How Your Favourite Restaurant Uses Neuromarketing To Influence What You Order
Creating a successful menu is the one of the most important tasks a restaurant can undertake. It needs to tread a fine line between attracting and pleasing customers whilst also taking into account the need to generate a profit. Restaurants spend huge amounts of time and money optimising and perfecting their menus.
According to a Gallop poll, people spend an average of 109 seconds looking at a menu. Restaurants know this and will organise their menu in a way to make every second count. Menus need to be easily digestible (excuse the pun) but still convey the appearance of choice.
Most successful restaurants these days use knowledge of neuromarketing to try and persuade customers to order certain dishes (the ones with the highest margins, of course). Most people know about the wine list trick – restaurants will often put a high-margin wine as the second most expensive on the menu as people don’t want to appear cheap and order the cheapest – but what other tactics do they use?
A cognitive bias is defined as a tendency to think in a certain way that deviates from logical or rational thinking — in simple terms, these cognitive biases can cause us to make some questionable decisions and draw erroneous conclusions.
Six ways restaurants use cognitive biases to influence customers:
- Menu order: Studies have shown that people are more likely to order items at the beginning of a list (one study found that 35% of diners will order the very first item!). Therefore, restaurants often put their highest margin ishes at the top of the menu. Conversely, they will reduce visibility of lower margin items by putting them lower down or on the back of the menu. This is known as the “Serial Position Effect”.
- Paradox of choice: This is a cognitive bias in which having too much choice can in fact lead individuals to reach less satisfactory decisions than they would have if presented with less choice. A smaller, targeted menu means you have more chance of persuading them to opt for higher margin dishes.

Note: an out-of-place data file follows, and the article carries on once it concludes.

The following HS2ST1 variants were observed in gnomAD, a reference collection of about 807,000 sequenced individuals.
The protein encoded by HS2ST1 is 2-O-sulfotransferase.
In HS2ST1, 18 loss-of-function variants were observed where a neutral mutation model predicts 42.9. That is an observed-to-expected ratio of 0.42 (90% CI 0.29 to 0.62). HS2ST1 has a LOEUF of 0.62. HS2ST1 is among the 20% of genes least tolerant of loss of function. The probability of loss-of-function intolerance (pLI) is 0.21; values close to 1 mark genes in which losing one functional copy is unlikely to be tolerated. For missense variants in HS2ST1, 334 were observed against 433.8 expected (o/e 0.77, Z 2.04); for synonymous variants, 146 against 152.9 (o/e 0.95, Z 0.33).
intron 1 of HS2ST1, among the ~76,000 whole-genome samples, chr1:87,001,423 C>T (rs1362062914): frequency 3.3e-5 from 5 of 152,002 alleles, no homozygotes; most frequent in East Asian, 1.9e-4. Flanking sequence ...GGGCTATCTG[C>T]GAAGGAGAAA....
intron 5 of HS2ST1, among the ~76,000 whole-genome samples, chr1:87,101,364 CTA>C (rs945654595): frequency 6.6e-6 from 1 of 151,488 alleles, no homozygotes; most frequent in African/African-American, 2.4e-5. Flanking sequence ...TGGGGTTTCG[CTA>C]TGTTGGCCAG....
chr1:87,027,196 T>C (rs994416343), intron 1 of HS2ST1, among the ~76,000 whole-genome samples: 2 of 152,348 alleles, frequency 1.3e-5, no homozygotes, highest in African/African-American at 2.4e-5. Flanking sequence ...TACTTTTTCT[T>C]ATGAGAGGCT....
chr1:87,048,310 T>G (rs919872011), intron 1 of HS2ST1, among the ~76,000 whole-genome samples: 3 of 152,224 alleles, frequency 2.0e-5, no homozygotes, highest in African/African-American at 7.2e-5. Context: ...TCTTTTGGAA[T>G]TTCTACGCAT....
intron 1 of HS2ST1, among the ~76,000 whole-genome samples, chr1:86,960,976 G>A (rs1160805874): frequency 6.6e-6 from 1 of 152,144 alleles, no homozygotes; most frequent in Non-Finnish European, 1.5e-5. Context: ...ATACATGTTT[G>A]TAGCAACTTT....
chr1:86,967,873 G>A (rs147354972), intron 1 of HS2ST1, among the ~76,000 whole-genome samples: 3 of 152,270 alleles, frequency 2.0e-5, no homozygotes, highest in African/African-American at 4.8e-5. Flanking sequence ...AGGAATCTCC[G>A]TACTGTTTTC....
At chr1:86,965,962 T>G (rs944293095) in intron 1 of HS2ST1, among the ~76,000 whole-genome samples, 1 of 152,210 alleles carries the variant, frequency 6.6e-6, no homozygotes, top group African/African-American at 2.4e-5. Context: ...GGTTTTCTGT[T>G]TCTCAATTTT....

- Adding decoy items: Adding a similarly priced but inferior dish, or a more expensive dish, to the menu makes the other dishes seem more attractive in comparison.
- Removing the currency signs: You may have noticed the recent trend for menu prices without the currency symbol and in round amounts. This is no accident: pricing your steak at 22 rather than £21.75 or $21.99 minimizes the association with money and reduces the “pain of paying”, another known cognitive bias.
- Layout: Restaurants take advantage of the so-called “Golden Triangle” – readers eyes’ are first drawn to the middle of the menu, then the top right and then the top left. Restaurants take this into account when laying out the menu and will often supplement it with visual aides like borders and shading to draw readers’ attention in a particular direction.
- Creative descriptions: Research has shown that adding the names of mothers, grandmothers and other relatives to the names of dishes makes them more appealing.This is related to the Metaphor Effect in which we understand and more easily remember language that activates our imagination. You’ll therefore see plenty of restaurants calling dishes things like “Grandma’s homemade Apple Pie”. You’ll also find liberal use of meaningless but appealing adjectives like “country ham” and “farm fresh eggs” (aren’t all eggs farm fresh?).
How to apply similar neuromarketing principles to your website
It’s not just the restaurant business that can take advantage of cognitive biases and use neuromarketing to influence customers’ behaviour.
Convertize is a new piece of software that uses neuromarketing and consumer psychology to suggest persuasion tactics that can then be implemented and A/B tested at the click of a button. It’s easy to set up and doesn’t require any coding to run experiments (so no need for expensive web developers). They also have a team of neuromarketing experts that can provide expertise and guidance.
With Convertize you can say goodbye to the frustration of not knowing what to test or how to test it. The software will analyse your website and use its library of neuromarketing tactics to suggest improvements. This is important because each website is different and what works for one may not work for yours. Then, using its user-friendly interface, you can A/B test the tactics against your current website version and monitor the uplift in performance.
Having the best kitchen in the world won’t make your restaurant Michelin-starred. Convertize is like having Heston Blumenthal at your side.
To put it in restaurant terms, you could have the ultimate high-tech kitchen equipped with every conceivable gadget and the best cooking equipment imaginable. But it’s useless if you don’t know how to cook. What you need is a chef who knows how to use the tools to create dish after dish of mouth-watering food.
Think of Convertize as your very own Heston Blumenthal: at your side to guide you through the process of optimising your website by offering expert advice backed up by neuromarketing.